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Channel Your Office Space-Inspired Rage With a Baseball Bat at a Wreck Room

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Every time some uber-rich celebrity trashes a hotel room just because they can, it’s easy to chide their behavior. Destruction of private property is rarely a good idea, but on some level, most of us understand the impulse. We’d all feel a lot better after 10 Office Space-inspired (NSFW) minutes with a baseball bat and a fax machine. If you’re looking for that healthier — or, at least, safer, cheaper, and legal — outlet to vent your rage, there’s probably a destruction room near you.

They go by many names, including “rage rooms,” “rage cages,” “smash rooms,” and “wreck rooms.” New York City’s The Rage Cage keeps it classy by billing itself as a “destruction services provider.” The popular Hell’s Kitchen spot is typical of most such rooms around the country. The concept is simple: Customers first book a time slot, typically 20-30 minutes. On arrival, they’re outfitted with a blunt instrument (usually a baseball bat, crowbar, or bowling pin) and safety equipment such as Tyvek suits, work gloves, helmets, and goggles (Geto Boys soundtrack not included). They’re then ushered to a private room to smash a variety of breakable objects to their heart’s content. It’s part cardio workout, part psychotherapy, and part just plain fun.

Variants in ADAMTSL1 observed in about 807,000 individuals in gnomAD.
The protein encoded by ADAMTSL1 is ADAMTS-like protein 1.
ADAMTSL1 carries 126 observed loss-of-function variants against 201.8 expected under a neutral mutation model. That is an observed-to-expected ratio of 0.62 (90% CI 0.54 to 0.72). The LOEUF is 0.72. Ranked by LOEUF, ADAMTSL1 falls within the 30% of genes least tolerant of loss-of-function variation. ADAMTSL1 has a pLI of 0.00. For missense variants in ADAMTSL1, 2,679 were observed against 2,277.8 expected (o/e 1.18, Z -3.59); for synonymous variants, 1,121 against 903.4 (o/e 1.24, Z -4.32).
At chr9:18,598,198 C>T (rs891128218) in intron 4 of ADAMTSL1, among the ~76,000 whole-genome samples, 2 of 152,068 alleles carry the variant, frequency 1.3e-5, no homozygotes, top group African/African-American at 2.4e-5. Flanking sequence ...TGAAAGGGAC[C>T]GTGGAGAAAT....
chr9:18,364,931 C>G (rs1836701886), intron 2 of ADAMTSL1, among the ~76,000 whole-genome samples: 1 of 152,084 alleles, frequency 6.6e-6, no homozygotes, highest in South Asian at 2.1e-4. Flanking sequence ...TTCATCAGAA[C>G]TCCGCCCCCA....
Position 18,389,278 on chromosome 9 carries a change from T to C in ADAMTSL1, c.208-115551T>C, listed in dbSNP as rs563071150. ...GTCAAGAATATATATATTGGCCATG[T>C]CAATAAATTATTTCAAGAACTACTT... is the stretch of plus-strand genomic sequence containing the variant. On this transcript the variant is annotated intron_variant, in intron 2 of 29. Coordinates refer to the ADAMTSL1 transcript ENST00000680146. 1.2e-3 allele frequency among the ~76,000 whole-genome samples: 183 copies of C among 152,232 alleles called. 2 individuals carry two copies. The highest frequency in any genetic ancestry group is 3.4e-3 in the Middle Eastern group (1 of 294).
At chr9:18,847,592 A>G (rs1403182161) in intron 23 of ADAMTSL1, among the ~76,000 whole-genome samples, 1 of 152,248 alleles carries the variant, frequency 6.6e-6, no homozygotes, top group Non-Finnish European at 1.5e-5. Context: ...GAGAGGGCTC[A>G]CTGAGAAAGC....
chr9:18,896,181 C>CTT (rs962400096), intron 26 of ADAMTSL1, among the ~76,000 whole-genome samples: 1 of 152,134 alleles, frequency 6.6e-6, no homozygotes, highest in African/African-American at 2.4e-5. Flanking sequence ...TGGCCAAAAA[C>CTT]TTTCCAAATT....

Most customers opt for an entry-level package. At The Rage Cage, the one-person Solo Smasher is priced at $45. This includes 20 minutes of smashing five plates and one “premium electronic” like a printer, computer monitor, or game console. Four-person packages start at $135, while the flagship $225 RAGEaholics PLUS! package accommodates up to six people with 30 plates, four premium electronics, and four smaller electronics like keyboards, speakers, and office phones. Every package includes the necessary safety equipment, changing rooms with lockers, and a selection of weapons. Add-on items are typically available with fancier rage rooms in places like Vegas offering big-screen TVs, guitars, and garden gnomes. Once they’re finished, customers walk out and leave clean-up of the aftermath to the rage room staff.

Rage rooms have been around for more than a decade in most major U.S. urban hubs. Only in recent years have they expanded into smaller cities like Tulsa, Oklahoma, and Chattanooga, Tennessee. It seems our need to vent through violence knows no geographic bounds.

If you’d rather balance your rage with a dose of namaste, rage yoga might be more your speed.

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